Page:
Sorry for the delay guys!!!
A tagging-horror-manga, I would say.
It all starts on a rather normal schoolday, when in Nobuaki’s class a mysterious message is sent to everyone in the class, announcing that they are now all playing the Ousama Game.
Indeed, they don’t get a choice, they are in the class, they’re in now. Because backing out would be too good a choice. From now on, the class is faced with a new message everyday, containing a task to be completed by the people tagged at the end, and a time frame in which they have to complete the task. If they fail, they receive punishment – and not only that gets out of hand.
What actually got me with this story was the very simple set-up. There’s not much to miss, everyone with a mobile is pretty much screwed here. The story lives from the developing group dynamics, and the inexplicable ways of the Ousama.
It doesn’t need an overly atmospherical art style, it is nothing out of the ordinary as far as the artwork is concerned, it is just your everyday manga, and damn, that really sets the frame perfectly. Everything is almost painfully normal, and then in the most usual everyday style, the threat comes in.
That is definitely the strongest point of Ousama Game, it is a pure suspense manga, and doesn’t employ any crude methods to keep the reader interested.
[SPOILER] What I have to point out though, is that Ousama Game really lost on this when nearing the end. True, there never was a really logical explanation that could cover all the aspects. But the way it did end was so out of the blue, that I think, the ending really messed up. [END]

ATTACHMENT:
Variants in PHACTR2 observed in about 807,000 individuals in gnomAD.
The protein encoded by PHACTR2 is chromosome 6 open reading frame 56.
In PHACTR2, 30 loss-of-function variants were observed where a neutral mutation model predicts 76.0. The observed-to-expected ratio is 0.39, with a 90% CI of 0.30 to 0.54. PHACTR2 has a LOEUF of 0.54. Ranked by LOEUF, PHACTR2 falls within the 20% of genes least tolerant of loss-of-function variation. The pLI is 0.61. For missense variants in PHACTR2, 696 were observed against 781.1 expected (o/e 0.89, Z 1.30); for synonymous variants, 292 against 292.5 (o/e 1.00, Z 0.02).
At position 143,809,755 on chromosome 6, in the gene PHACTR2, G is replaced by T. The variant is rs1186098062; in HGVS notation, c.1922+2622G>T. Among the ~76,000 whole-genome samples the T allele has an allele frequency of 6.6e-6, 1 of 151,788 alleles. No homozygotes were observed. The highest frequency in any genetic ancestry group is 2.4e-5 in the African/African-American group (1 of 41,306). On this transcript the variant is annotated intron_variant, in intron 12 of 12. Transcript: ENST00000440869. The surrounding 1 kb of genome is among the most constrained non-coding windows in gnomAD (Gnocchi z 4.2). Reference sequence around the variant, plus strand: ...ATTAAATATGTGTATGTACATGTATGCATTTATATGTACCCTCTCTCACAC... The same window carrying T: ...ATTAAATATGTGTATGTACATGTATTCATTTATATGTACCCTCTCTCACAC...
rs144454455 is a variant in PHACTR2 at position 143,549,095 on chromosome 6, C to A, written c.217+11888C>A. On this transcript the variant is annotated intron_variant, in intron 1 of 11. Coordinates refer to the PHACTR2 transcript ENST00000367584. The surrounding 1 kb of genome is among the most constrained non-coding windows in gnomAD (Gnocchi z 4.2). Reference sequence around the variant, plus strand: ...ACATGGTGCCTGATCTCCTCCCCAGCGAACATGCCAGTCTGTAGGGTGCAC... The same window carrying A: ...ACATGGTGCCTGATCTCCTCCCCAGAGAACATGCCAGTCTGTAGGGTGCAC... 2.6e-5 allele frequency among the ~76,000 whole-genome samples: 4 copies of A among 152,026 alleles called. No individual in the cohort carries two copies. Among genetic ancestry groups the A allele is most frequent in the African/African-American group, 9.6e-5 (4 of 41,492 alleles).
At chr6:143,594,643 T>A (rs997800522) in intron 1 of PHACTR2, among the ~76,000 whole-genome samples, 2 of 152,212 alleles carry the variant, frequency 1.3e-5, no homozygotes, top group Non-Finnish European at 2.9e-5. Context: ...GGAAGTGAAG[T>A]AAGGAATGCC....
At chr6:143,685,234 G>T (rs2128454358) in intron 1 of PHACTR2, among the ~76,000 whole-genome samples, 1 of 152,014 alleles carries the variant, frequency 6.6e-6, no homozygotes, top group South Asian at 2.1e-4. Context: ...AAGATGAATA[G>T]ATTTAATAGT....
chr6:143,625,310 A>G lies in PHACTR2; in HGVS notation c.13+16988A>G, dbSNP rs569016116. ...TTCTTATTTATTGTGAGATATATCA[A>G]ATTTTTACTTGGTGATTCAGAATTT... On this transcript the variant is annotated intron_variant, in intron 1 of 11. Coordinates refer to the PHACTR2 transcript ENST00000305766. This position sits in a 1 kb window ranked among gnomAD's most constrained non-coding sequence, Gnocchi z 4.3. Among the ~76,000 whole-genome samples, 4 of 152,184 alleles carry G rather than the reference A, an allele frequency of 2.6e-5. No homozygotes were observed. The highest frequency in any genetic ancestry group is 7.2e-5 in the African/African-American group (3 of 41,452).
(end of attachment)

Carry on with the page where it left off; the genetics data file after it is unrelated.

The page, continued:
Ousama Game, originally a cellphone novel, is one of those suspense mangas, that are close enough to reality to really keep you into it a long while. Then end may not be everyone’s taste, but then again, ends are never really well liked. If you really liked Judge, we kind of are on a similar track here again as well, it’s not a copy, but familiar enough, that I can say, you will enjoy both. It still isn’t a manga for those hardcore realists, but those that prefer a down to earth story. Not recommended for those, that need a supernatural twist.
Ousama Game – FACTS
by Renda Hitori & Kanazawa Nobuaki
Published in 2010 by Futabasha.
Movie by Norio Tsuruta, 2011 (MGM Home Entertainment)
Novel by Nobuaki Kanazawa
Recommended for: everyone who didn’t like the gimmicks in Detective Conan, or who already enjoyed Judge. Not for fantasy fanatics.